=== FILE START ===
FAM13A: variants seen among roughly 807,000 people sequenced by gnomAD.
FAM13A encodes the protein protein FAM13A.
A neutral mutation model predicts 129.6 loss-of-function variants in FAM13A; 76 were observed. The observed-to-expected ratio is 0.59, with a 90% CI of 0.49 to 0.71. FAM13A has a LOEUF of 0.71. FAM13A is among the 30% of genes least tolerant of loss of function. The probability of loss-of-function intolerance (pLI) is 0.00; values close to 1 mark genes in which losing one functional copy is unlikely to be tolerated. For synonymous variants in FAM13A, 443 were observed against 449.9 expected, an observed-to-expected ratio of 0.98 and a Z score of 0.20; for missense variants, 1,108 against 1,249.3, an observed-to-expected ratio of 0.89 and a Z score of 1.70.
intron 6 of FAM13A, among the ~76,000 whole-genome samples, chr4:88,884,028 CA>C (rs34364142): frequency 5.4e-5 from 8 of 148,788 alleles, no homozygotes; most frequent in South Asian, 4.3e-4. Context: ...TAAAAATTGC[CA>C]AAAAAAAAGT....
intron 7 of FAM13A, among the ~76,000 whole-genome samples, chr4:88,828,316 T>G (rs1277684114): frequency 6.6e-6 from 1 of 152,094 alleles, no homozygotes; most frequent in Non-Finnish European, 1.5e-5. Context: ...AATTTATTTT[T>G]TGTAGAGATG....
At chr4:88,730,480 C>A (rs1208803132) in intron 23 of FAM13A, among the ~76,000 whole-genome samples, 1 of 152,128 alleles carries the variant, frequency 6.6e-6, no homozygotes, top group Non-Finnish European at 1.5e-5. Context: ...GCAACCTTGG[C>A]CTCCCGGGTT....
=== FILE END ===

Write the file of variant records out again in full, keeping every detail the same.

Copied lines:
FAM13A: variants seen among roughly 807,000 people sequenced by gnomAD.
FAM13A encodes the protein protein FAM13A.
A neutral mutation model predicts 129.6 loss-of-function variants in FAM13A; 76 were observed. The observed-to-expected ratio is 0.59, with a 90% CI of 0.49 to 0.71. FAM13A has a LOEUF of 0.71. FAM13A is among the 30% of genes least tolerant of loss of function. The probability of loss-of-function intolerance (pLI) is 0.00; values close to 1 mark genes in which losing one functional copy is unlikely to be tolerated. For synonymous variants in FAM13A, 443 were observed against 449.9 expected, an observed-to-expected ratio of 0.98 and a Z score of 0.20; for missense variants, 1,108 against 1,249.3, an observed-to-expected ratio of 0.89 and a Z score of 1.70.
intron 6 of FAM13A, among the ~76,000 whole-genome samples, chr4:88,884,028 CA>C (rs34364142): frequency 5.4e-5 from 8 of 148,788 alleles, no homozygotes; most frequent in South Asian, 4.3e-4. Context: ...TAAAAATTGC[CA>C]AAAAAAAAGT....
intron 7 of FAM13A, among the ~76,000 whole-genome samples, chr4:88,828,316 T>G (rs1277684114): frequency 6.6e-6 from 1 of 152,094 alleles, no homozygotes; most frequent in Non-Finnish European, 1.5e-5. Context: ...AATTTATTTT[T>G]TGTAGAGATG....
At chr4:88,730,480 C>A (rs1208803132) in intron 23 of FAM13A, among the ~76,000 whole-genome samples, 1 of 152,128 alleles carries the variant, frequency 6.6e-6, no homozygotes, top group Non-Finnish European at 1.5e-5. Context: ...GCAACCTTGG[C>A]CTCCCGGGTT....